NumisMedia Market Report: Dealers and Market Adjusting to New Levels

This month, NumisMedia reports that there’s plenty of money for rare coins — if they are priced in accord with today’s levels. There are many exciting highlights from recent auctions, including issues that haven’t been available for many years.

There may not be as many record-setting auctions lately, but there are some true individual rarities that have attracted very intense competition. Heritage Auction Galleries hosted a pre-ANA sale that produced nearly $25 million; there is plenty of money for rare coins if they are priced relative to today’s levels. The 1880 $4 Gold Stella, Coiled Hair, in NGC PR 62, sold for $546,250. This was well above what dealers were offering to pay in the wholesale market for a coin that had not been on the market for quite some time. An 1856-O $20 Gold in NGC AU 58 realized $460,000. This is the rarest of all Carson City $20 Liberties and one of the rarest in this series. With an original mintage of only 2,250 coins, there are only 22 certified by NGC and PCGS. The following list of highlights from the Heritage Sale includes many issues that have not been available for several years.

Denomination   Grade   Price Realized  
1797 Lg Cent Rev 97 Stems NGC MS 65 BN $17,250
1858 Flying Eagle Cent LL NGC PR 67 Cam $41,400
1918 / 7 D Buffalo Nickel PCGS MS 64 $77,625
1794 Half Dime NGC MS 66 $69,000
1827/3 Bust Quarter Res NGC PR 66 $69,000
1841 Seated Quarter NGC PR 66 $207,000
1844 Seated Quarter NGC PR 66 $276,000
1839 Half Dol No Drapery NGC MS 65 $94,875
1795 Dr Bust Dollar NGC MS 64 $109,250
1884 CC Morgan Dollar NGC PR 66 Cam $126,500
1796 $2½ Gold W/Stars NGC MS 62 $172,500
1804 $2½ 13 Star Rev PCGS AU 58 $322,000
1854-S $2 ½ Gold NGC VF 35 $253,000
1795 $5 Sm Eagle S/D NGC MS 65 P/L $345,000
1920-S $10 Indian PCGS MS 66 $345,000
1933 $10 Indian PCGS MS 65 $460,000
1920-S $20 Saint PCGS MS 64 $138,000
1927-S $20 Saint PCGS MS 65 $126,500

Bowers and Merena Auctions conducted the official ANA Auction and reported sales of over $12 million. Included was a long run of Private and Territorial Gold. Many of these coins are quite rare in circulated condition so the entry prices are quite high. An 1852 Humbert $50 Gold sold for $70,150 in grade AU 58; a Wass, Molitor & Co. $50 Gold brought $33,350 and this coin was graded VF 30. A rare 1860 Mormon $5 Gold, in MS 61, went to the high bidder for $54,625. Below is a partial list of other rarities and the prices realized.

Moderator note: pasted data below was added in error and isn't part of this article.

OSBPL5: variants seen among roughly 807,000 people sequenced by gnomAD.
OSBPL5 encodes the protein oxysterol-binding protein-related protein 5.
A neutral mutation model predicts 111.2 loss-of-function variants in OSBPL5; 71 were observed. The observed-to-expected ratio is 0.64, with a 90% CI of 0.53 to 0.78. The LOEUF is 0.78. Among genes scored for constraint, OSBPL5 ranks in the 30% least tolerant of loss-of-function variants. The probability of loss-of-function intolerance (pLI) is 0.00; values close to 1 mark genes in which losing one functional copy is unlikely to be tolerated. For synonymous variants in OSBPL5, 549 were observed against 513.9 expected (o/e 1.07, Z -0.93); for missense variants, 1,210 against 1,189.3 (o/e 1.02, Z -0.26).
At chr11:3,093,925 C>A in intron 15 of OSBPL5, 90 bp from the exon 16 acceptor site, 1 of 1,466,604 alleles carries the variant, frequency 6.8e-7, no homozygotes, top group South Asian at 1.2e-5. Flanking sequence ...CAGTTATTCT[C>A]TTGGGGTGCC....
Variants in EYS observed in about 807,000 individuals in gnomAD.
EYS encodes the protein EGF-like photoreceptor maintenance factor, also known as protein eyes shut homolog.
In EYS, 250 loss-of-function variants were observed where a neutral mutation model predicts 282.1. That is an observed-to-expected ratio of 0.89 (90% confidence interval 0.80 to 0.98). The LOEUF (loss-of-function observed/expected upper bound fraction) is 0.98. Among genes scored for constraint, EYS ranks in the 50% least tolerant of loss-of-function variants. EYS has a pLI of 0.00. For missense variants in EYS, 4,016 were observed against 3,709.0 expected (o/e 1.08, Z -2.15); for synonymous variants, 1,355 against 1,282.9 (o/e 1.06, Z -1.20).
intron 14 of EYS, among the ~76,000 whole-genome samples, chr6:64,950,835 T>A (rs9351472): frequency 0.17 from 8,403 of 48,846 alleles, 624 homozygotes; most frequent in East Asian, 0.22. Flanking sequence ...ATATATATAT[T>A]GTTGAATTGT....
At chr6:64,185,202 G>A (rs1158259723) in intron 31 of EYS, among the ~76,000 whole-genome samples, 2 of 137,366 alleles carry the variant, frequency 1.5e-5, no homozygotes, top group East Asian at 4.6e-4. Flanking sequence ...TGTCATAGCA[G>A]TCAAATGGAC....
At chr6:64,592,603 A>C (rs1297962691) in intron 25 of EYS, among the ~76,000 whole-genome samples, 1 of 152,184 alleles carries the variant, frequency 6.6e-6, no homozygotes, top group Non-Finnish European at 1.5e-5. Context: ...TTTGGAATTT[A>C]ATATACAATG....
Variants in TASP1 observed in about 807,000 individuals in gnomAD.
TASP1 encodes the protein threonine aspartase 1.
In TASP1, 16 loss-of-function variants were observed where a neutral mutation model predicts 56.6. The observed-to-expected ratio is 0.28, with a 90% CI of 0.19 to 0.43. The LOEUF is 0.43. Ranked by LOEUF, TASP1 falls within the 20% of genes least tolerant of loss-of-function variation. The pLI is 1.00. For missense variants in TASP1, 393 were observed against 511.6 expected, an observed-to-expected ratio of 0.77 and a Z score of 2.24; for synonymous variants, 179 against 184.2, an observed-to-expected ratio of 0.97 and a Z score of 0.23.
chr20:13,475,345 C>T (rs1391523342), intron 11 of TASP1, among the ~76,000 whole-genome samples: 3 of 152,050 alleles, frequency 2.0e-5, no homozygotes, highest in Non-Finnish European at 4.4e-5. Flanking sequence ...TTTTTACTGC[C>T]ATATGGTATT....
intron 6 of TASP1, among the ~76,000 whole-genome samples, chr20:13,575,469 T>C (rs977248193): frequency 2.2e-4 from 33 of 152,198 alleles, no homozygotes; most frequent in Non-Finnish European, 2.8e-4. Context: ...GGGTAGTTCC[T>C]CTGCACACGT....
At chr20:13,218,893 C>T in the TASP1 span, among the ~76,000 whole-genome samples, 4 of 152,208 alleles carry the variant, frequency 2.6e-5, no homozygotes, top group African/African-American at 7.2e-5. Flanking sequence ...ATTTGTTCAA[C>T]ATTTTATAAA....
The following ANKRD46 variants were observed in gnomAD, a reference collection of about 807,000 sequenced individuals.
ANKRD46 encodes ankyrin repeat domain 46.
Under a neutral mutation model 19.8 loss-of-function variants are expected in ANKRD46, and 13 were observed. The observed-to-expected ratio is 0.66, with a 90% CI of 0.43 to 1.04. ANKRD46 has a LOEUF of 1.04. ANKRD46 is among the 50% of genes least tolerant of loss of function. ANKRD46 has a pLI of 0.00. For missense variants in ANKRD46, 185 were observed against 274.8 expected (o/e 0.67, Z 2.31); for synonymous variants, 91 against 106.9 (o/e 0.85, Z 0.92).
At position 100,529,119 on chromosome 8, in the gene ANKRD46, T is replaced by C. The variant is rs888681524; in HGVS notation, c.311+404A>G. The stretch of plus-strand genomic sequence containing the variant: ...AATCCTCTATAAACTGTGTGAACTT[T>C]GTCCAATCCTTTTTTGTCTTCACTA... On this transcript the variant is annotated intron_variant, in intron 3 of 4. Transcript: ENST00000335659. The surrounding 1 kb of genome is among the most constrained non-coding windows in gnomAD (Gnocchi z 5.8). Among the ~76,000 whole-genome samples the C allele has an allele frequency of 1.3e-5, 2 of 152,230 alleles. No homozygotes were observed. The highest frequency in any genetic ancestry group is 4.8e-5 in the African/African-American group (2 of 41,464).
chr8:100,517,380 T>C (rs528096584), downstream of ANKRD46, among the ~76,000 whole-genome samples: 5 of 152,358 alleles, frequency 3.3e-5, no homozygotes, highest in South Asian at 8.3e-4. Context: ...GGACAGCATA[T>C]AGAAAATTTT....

Denomination   Grade   Price Realized  
1864-L Indian Cent PCGS PR 64 Rd $94,875
1877 Indian Cent PCGS PR 66 Rd $14,375
1922 No D Lincoln Cent NGC MS 64 RB $46,000
1796 Dr Bust Quarter PCGS MS 64 $103,500
1823 Bust Half Dollar NGC MS 67 $21,275
1873 CC Seated Half N/Arr NGC MS 63 $23,000
1796 $2 ½ Gold W/Stars NGC MS 63 $163,875
1808 $2 ½ Gold PCGS MS 61 $161,000
1915 $2 ½ Indian NGC PR 67 $36,225
1862 $3 Gold NGC PR 66 UCam $74,750
1879 $4 Gold Flowing Hair PCGS PR 63 Cam $129,375
1915 S Pan Pac $50 Oct PCGS MS 64 $80,500
1915 S Pan Pac $50 Rd PCGS MS 64 $91,425

Coins from the Carson City Mint are more popular than ever. The Bowers and Merena Auction contained several Twenty Dollar Liberties that attracted some very competitive bidding from serious collectors. The 1877 CC in MS 61 sold for $20,700; the highest grade certified is MS 62. This coin had a lot of eye appeal. The 1878 CC in AU 58 brought $15,525, which seemed like a bargain to its new owner. This was thought to be the nicest 1878 CC for the grade that had been available for a few years and it cost considerably less than others that had previously sold. The 1891 CC was another coin that does not come on the market very often in AU 58 and higher. This coin sold for $17,825 and looked like it was totally original. Some Carson City Twenties did not sell in this sale, but it was most likely due to expectations that were too high for the current market.

Most dealers, even ones who did not have a great ANA, are still convinced there are thousands of avid collectors looking to buy coins. However, it appears that these collectors are not willing to pay for coins at previous price levels. Thus, we have seen an onslaught of declines over the summer months. Add to this an increasing amount of sellers in the coin market, more than we have seen in the last several years, and it is easy to see why some series are suffering harsh declines. This is obviously not a good situation for the owners of coins who have been forced to sell into this market. Yet, it appears to be a great opportunity for dealers and collectors looking to add to their inventories and collections.

Buffalo Nickels have been hit hard in the last few months. There are more rare dates appearing on the market than the current group of collectors can handle. As we have said before, when you remove the most competitive buyers from a market, bidding activity can fall 10% to 30% in most major auctions. Now, instead of rare issues selling at a premium, they sell at discounts. The competition may be just as intense, but at much lower levels as buyers take advantage of the current market atmosphere. The Heritage Sale contained many high-grade coins that were bringing premiums over a year ago. In this sale, many coins were selling at discounts. Yet, some of these rarities were still bringing prices within 10% of the reported FMV. As you can see from these auctions, buyers are not afraid to spend their money if they think the coins are rare, have good eye appeal for the grade, and are priced according to current market levels.

This article is a guest article written by:


The thoughts and opinions in the piece are those of their author and are not necessarily the thoughts of the Certified Collectibles Group.

Articles List